Something New for the Audiogram Alternative Symbol Developed for Response at Limit Features
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Features  |   January 01, 2007
Something New for the Audiogram
Author Notes
  • Chris Halpin, is a clinical associate in audiology at the Massachusetts Eye and Ear Infirmary and an assistant professor of otology and laryngology at Harvard Medical School. Contact him at chris_halpin@meei.harvard.edu.
    Chris Halpin, is a clinical associate in audiology at the Massachusetts Eye and Ear Infirmary and an assistant professor of otology and laryngology at Harvard Medical School. Contact him at chris_halpin@meei.harvard.edu.×
Article Information
Hearing Disorders / Features
Features   |   January 01, 2007
Something New for the Audiogram
The ASHA Leader, January 2007, Vol. 12, 5-19. doi:10.1044/leader.FTR2.12012007.5
The ASHA Leader, January 2007, Vol. 12, 5-19. doi:10.1044/leader.FTR2.12012007.5
Since the inception of modern audiometry, infrequent but persistent instances show a patient responding consistently at the lowest audiometric setting. These thresholds have been marked using the standard symbols.
The Massachusetts Eye and Ear Infirmary Department of Audiology (MEEI) began reexamining these occurrences after the recent description of Superior Semicircular Canal Dehiscence and other “third-window” phenomena, where hyper-sensitivity to bone conduction is seen (c.f. Rosowski, et al. Otology and Neurotology 25(3):323-32). MEEI started using an extension of the standard symbols consisting of an upward arrow for designating “Response at Limit” ( Fig. 1 [PDF]).
Besides capturing the fact that these are not standard thresholds (found by ascending), they indicate the use of a more sensitive crossover value for the calculation of masking. Since neither bone nor contralateral air can be lower than the limit, there are no instances of masked air conduction.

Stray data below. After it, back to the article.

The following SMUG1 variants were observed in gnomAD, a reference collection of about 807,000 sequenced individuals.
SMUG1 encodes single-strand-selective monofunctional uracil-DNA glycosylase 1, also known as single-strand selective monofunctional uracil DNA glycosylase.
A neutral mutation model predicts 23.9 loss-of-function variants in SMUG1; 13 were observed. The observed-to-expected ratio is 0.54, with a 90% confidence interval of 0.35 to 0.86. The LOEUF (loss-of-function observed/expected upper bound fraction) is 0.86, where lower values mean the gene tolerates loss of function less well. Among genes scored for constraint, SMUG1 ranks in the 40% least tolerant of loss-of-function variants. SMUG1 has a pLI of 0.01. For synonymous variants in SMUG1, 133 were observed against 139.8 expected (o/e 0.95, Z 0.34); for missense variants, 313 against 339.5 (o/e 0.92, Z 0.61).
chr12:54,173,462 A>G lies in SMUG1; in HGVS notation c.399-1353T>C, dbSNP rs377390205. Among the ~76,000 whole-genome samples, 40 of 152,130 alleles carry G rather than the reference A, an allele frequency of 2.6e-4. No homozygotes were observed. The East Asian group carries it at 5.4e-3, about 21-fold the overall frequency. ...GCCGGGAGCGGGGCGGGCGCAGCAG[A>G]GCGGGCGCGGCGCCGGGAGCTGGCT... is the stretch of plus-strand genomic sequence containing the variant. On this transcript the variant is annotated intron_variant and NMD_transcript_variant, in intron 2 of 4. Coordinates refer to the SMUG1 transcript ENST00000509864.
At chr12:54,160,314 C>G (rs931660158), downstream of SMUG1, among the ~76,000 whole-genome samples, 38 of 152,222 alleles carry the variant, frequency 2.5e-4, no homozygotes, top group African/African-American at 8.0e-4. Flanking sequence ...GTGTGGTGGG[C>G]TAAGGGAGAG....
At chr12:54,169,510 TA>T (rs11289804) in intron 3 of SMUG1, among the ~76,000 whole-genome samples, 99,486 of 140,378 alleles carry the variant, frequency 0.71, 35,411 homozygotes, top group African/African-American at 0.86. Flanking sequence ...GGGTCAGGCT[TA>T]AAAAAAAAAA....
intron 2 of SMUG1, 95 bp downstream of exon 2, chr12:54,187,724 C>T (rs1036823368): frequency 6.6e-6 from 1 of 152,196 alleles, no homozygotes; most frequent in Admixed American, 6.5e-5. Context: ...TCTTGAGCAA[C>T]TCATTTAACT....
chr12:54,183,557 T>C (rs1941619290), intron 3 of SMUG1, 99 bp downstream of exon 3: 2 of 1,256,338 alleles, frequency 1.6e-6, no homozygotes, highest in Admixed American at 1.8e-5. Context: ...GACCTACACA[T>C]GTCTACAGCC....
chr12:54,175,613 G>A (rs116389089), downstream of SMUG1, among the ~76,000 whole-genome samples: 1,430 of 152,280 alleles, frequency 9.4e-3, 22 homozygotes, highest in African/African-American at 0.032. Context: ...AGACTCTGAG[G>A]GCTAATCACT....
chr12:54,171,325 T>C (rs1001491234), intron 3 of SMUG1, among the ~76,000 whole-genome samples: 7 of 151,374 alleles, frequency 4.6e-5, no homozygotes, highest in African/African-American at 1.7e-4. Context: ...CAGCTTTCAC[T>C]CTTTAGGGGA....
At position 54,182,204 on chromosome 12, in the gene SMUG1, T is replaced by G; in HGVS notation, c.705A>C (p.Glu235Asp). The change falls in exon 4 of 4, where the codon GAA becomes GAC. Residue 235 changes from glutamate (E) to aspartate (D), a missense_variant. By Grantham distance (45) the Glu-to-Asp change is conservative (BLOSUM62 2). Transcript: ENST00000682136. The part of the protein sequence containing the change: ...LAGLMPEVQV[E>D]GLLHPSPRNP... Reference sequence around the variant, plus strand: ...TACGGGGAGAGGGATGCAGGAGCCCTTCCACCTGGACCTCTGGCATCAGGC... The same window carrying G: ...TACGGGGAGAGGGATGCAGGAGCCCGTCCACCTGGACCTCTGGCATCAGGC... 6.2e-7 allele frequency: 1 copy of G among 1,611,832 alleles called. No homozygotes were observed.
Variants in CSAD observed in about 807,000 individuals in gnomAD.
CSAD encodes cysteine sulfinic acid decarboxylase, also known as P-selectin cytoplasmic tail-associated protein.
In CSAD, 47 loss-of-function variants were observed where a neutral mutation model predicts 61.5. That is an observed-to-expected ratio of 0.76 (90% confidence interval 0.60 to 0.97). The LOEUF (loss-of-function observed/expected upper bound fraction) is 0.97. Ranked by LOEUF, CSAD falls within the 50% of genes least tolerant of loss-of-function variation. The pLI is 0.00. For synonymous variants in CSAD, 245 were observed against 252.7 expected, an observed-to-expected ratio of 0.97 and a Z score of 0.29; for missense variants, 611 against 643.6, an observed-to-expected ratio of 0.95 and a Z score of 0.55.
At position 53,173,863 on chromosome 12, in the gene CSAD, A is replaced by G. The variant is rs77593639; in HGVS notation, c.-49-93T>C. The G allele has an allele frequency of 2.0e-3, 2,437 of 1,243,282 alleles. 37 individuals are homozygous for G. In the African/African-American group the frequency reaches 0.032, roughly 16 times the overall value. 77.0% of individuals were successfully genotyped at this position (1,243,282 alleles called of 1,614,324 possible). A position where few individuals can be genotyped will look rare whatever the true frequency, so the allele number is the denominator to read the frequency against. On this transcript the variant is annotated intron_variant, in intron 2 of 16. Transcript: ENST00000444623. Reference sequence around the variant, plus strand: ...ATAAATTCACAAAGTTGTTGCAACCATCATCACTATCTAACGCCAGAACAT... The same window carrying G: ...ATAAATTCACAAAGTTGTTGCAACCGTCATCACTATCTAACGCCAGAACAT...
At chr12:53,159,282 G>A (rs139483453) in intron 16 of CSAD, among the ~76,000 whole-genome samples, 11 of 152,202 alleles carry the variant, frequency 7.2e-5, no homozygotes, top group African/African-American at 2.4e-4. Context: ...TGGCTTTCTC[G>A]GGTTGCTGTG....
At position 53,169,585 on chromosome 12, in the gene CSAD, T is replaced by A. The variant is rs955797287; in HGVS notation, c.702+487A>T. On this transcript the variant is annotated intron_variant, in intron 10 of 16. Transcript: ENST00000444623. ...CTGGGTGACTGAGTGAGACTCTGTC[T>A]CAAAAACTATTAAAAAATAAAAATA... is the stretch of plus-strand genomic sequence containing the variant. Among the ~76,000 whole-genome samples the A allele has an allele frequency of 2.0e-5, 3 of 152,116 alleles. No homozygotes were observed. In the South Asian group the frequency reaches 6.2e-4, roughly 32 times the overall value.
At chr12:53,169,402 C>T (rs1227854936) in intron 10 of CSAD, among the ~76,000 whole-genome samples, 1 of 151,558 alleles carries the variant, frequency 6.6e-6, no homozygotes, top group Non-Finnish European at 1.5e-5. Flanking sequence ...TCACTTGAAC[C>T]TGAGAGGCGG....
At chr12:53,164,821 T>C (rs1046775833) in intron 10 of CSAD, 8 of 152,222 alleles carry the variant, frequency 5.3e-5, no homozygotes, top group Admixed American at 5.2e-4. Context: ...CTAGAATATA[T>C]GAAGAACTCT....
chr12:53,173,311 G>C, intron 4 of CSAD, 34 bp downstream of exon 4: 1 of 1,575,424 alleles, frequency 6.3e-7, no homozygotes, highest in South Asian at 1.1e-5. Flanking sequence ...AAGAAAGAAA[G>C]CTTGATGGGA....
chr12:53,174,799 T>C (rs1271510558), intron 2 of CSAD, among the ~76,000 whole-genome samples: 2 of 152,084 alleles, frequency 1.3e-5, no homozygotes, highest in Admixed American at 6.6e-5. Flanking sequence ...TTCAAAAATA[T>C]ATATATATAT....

MEEI Senior Engineer Peter Marciniak has also developed an alternative symbol for responses found using speakers. It consists of two “F”’s facing in opposite directions from the center of the frequency line. These stand for “field” (sound, not free) and seem to effectively convey the impression that the response is not ear-specific ( Fig. 2 [PDF]).
By making this symbol out of two “F’s,” it can be separated into right and left to indicate, for example, that the contralateral ear was plugged or masked with an insert (see sidebar [PDF]).
These symbols are one recent result of a wider, 15-year effort at MEEI to develop software that assists the audiologist during testing (as opposed to that developed elsewhere which does a test automatically). For example, the masking calculation mentioned above is continually updated in real time and supports the audiologist in the use of minimal effective masking in every situation as it arises.
These symbols represent new exploratory developments and are not part of the ASHA standard symbol set (ASHA, 1990; 32(Suppl. 2) p. 25–30). In particular, there is a current recommendation for sound field symbols (“S”) that is widely accepted. If the developments presented here seem useful to audiologists generally, a further process of discussion and committee evaluation may be warranted. Until then, they are offered as “something new under the sun” for the clinical audiogram.
For a link to ASHA information on Manual Pure Tone audiometry, go to ASHA’s Guidelines for Manual Pure-Tone Threshold Audiometry.
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January 2007
Volume 12, Issue 1